You are here

Coping with Jet Lag on a Family Trip

Flickr user germandolls, CC Licensed.

We don’t need that uproarious Adam Mansbach book to remind ourselves that sleep and children are often like oil and water. Take your kiddies overseas and the problems are compounded instantaneously. The culprit: Jet lag, of course.

Yes, as much as jet lag affects us grown-ups, it wreaks havoc on our little tykes.

Experts have grappled with the question for decades (for a decent and recent article on the subject, click here). The consensus is that there’s no foolproof strategy for dealing with the problem. Gradually get them on a new schedule! Force them to nap! Drug them with Benadryl! These are only a few of the suggestions I’ve read over the years.

In our experiences (which exclude Benadryl, and always will), none of these strategies has seemed to work too well. The harder we try, it seems, the more disruptive our well-laid plans become.

Instead, we’ve actually had success just letting our kids work through jet lag on their own.

Don’t get me wrong, this process can be brutal—especially for the parent who volunteers (or is assigned) to cover the zombie child in the night. Some of my most vivid memories of our 2010 month-long sojourn in England involve 3 a.m. play sessions with L, who was 18 months old at the time and spent the first two weeks living the life of a bat.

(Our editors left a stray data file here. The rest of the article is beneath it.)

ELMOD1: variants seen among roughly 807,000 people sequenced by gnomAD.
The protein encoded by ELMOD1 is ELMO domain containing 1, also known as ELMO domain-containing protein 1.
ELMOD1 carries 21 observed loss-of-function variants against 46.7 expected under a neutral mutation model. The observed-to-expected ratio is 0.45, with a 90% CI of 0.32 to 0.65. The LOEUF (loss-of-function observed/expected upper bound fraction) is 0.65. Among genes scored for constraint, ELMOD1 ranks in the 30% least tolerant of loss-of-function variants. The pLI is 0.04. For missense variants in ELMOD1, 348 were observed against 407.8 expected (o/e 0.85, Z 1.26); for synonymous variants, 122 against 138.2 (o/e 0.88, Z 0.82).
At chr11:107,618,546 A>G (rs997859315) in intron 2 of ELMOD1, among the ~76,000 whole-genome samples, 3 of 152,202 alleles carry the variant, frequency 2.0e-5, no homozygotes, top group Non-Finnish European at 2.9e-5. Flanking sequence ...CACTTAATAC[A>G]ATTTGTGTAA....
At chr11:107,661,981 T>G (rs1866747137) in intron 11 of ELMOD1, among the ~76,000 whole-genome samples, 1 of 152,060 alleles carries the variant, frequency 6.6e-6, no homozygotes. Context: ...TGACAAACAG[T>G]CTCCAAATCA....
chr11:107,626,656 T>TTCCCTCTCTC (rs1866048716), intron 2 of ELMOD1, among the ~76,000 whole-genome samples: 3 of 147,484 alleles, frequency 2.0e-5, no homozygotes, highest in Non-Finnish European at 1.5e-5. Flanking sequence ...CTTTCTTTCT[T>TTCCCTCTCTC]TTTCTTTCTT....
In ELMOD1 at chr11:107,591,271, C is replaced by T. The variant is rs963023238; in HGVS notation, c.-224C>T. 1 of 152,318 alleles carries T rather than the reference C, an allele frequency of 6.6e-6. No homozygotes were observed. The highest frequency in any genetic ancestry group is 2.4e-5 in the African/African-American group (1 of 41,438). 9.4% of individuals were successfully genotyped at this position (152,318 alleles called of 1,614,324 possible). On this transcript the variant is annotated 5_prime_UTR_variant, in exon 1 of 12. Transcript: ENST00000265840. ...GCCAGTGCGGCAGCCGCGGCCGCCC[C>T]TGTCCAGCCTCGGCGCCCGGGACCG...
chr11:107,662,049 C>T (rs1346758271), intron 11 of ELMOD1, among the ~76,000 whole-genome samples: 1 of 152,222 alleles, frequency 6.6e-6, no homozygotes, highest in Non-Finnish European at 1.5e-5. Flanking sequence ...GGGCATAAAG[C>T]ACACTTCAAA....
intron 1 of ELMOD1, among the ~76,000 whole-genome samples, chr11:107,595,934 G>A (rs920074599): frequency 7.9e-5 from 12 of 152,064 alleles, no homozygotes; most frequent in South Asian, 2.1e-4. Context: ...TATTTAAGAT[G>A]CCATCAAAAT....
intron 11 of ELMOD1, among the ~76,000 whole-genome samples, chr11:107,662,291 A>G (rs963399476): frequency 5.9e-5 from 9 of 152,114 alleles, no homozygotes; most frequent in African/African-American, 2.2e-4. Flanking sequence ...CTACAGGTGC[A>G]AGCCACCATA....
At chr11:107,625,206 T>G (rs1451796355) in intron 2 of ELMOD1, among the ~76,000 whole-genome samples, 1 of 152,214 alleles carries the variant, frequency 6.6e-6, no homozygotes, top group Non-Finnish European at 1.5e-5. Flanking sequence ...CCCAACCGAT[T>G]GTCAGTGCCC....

Still, gradually, L’s first nighttime nap got longer and longer, and her early-morning hours waned. By the 9th or 10th night, she was back on a somewhat normal schedule (which is to say, she slept through until sunrise every day). The bags under my eyes disappeared.

More recently, we endured the same process with R, our 1-year-old, in Hawaii. Because the time difference was smaller (three hours, as opposed to eight), she made the adjustment in only a few days.

Nevertheless, she struggled (and my wife, who’s still breastfeeding at night, bore the brunt).

The bottom line on the issue of jet lag is that there’s no easy fix. Furthermore, what works on the front end of a vacation (at your destination) may not work on the back end (when you get back home). If it makes you feel better, consult your child’s doctor for suggestions before you go. Ultimately, however, it’s best to let your kids show you what works for them, and try to make the best of wherever that leads.

What's your approach to managing jet lag in your kids? Leave a comment and let me know.

comments